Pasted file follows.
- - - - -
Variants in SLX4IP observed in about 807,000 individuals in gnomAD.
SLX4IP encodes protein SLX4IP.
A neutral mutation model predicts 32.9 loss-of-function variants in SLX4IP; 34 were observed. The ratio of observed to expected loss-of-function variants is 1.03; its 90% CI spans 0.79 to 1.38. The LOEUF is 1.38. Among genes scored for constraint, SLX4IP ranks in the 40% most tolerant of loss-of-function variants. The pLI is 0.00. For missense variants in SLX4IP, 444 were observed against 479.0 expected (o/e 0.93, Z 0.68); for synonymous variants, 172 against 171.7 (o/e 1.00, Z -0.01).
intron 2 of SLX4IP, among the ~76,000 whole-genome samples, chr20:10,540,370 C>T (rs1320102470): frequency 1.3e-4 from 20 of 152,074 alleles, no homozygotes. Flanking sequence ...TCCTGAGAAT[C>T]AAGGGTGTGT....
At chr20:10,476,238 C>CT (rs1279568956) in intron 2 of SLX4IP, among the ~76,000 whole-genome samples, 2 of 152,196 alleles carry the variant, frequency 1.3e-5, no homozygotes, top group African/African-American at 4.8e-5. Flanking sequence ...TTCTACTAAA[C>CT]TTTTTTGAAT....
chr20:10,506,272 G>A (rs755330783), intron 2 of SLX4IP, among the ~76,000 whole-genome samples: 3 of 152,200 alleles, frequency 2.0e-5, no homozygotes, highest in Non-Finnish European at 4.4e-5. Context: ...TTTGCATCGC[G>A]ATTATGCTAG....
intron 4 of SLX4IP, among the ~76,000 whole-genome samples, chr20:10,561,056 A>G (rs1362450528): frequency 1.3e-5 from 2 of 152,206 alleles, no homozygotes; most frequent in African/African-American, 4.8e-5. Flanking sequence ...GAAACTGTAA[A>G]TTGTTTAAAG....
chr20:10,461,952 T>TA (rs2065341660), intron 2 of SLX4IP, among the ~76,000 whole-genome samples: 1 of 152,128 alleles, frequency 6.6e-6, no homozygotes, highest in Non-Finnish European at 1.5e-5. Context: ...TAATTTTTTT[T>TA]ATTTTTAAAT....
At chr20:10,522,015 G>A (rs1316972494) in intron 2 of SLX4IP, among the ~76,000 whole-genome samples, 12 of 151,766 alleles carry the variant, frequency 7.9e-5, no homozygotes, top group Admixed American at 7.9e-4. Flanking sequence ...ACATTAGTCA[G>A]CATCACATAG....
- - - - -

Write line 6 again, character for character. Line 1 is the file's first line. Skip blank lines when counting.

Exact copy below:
chr20:10,506,272 G>A (rs755330783), intron 2 of SLX4IP, among the ~76,000 whole-genome samples: 3 of 152,200 alleles, frequency 2.0e-5, no homozygotes, highest in Non-Finnish European at 4.4e-5. Context: ...TTTGCATCGC[G>A]ATTATGCTAG....